The Saint-Augustin Migratory Bird Sanctuary, near the village of Saint-Augustin, in the Côte-Nord region of Québec, is a group of islands and rocks spread over 5,570 hectares along the south shore of Grande Passe Island, in the northeast section of the Gulf of St. Lawrence. About a dozen of these islands are over one kilometre long. Most of the site is composed of coastal marine areas, while the remainder is made up of rocky outcrops that are very typical of this region. Shrubby and grassy vegetation cover only about 20% of the area.
Seven species of birds breed on the Saint-Augustin Migratory Bird Sanctuary site: Herring Gull, Ring-billed Gull, Great Black-backed Gull, Razorbill, Black Guillemot, Common Eider and Common Tern. Most of these species have been present since the start of surveys in 1925. Herring Gull numbers are globally significant, with 3,107 pairs being recorded in 1988. This is over 2% of the North American population. This bird is the most common breeder and is the only species that has been increasing in numbers at the site recently.
From 1935 to 1960, the Common Eider population was between 900 and 1,500 adults, which was continentally significant. Since 1977 however, significant demographic changes have brought the species to a low of 12 individuals in 1988. Razorbill, Black Guillemot (10 birds in 1988, compared to 182 in 1950), Ring-billed Gull and Great Black-backed Gull have had higher populations in the past as well. The total number of seabirds detected at the last survey (1988) was 7,580 adults.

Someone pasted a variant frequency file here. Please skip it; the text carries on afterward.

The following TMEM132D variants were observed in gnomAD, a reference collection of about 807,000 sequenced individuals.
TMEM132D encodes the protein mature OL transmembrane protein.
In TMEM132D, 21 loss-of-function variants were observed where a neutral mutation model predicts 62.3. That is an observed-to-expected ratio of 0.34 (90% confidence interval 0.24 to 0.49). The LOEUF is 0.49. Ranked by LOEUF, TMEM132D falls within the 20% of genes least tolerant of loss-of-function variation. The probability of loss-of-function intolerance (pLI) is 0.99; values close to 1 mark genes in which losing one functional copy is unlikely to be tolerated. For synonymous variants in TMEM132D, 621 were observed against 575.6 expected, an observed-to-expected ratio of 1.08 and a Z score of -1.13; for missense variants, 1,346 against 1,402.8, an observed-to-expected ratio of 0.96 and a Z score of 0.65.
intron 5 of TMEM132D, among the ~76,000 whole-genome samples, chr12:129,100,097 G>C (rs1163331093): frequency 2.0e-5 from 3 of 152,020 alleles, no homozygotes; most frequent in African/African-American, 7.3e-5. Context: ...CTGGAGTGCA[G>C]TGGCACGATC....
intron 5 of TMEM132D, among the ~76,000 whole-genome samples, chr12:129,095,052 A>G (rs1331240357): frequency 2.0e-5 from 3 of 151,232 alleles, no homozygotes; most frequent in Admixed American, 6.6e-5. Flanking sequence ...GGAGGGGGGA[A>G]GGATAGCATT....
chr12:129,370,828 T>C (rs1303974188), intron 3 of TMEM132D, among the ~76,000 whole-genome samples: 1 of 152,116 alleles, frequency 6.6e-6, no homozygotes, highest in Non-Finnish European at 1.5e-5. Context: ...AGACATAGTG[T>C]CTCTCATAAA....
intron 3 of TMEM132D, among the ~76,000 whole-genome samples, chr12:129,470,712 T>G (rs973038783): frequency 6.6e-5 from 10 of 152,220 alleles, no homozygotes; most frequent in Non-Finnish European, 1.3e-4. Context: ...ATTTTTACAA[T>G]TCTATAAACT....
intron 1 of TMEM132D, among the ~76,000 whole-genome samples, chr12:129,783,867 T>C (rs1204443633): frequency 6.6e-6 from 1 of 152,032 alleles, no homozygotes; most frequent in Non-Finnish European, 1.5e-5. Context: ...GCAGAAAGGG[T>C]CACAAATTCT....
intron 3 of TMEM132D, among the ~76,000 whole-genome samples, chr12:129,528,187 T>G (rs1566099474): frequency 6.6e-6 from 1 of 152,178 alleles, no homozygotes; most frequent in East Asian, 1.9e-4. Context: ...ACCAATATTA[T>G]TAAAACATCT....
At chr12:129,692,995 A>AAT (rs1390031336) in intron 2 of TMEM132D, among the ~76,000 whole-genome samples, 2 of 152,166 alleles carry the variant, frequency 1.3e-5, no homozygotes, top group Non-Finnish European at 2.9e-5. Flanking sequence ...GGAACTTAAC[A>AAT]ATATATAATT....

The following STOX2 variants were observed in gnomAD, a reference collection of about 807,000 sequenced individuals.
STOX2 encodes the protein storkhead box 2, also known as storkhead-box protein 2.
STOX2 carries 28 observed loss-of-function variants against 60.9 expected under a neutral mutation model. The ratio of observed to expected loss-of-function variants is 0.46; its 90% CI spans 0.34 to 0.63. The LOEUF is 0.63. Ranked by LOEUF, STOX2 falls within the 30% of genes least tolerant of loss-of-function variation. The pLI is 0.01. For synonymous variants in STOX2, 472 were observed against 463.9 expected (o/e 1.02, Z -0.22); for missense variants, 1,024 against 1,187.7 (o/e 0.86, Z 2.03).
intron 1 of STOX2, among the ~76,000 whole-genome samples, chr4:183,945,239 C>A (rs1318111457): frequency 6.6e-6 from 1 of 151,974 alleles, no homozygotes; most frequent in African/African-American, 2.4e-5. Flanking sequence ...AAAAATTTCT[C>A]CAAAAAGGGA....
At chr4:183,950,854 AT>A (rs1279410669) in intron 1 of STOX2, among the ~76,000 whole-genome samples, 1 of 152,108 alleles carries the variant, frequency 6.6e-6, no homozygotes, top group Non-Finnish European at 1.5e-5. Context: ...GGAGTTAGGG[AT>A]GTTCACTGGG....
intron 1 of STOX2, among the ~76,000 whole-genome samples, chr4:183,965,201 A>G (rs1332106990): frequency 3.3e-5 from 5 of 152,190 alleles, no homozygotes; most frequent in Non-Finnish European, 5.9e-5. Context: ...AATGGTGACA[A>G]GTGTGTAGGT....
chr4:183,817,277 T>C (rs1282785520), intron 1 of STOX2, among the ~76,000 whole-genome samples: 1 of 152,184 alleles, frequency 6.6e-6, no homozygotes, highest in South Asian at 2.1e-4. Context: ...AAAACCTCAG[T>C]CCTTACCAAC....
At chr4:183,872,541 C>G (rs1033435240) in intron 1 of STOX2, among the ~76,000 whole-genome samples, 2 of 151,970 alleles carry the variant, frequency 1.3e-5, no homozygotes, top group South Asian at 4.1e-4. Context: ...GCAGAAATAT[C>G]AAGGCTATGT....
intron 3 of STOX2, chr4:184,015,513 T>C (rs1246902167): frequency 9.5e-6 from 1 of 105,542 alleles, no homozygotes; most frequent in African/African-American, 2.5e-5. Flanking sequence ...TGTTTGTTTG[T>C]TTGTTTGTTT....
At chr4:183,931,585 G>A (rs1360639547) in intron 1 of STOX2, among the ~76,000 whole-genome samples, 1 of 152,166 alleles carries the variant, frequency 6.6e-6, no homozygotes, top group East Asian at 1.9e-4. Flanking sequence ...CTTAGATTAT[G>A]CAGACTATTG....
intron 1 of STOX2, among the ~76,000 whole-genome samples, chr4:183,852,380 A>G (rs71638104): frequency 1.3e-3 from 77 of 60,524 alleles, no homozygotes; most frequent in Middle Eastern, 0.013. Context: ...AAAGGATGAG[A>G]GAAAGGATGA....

Red-throated Loons have bred on the site, with a maximum of 22 breeding birds counted in 1940 and 1960; this is a high density considering the non-colonial nature of this bird. A pair of Caspian Tern possibly nested in 1976; this species is at risk in the Atlantic provinces.
Conservation responses/actions for key biodiversity
This site has been designated as a Migratory Bird Sanctuary. It has a marine bird conservation status for part of the year and is accessible for recreational activities at other times. Potential threats include disturbance of the breeding birds by recreational activities.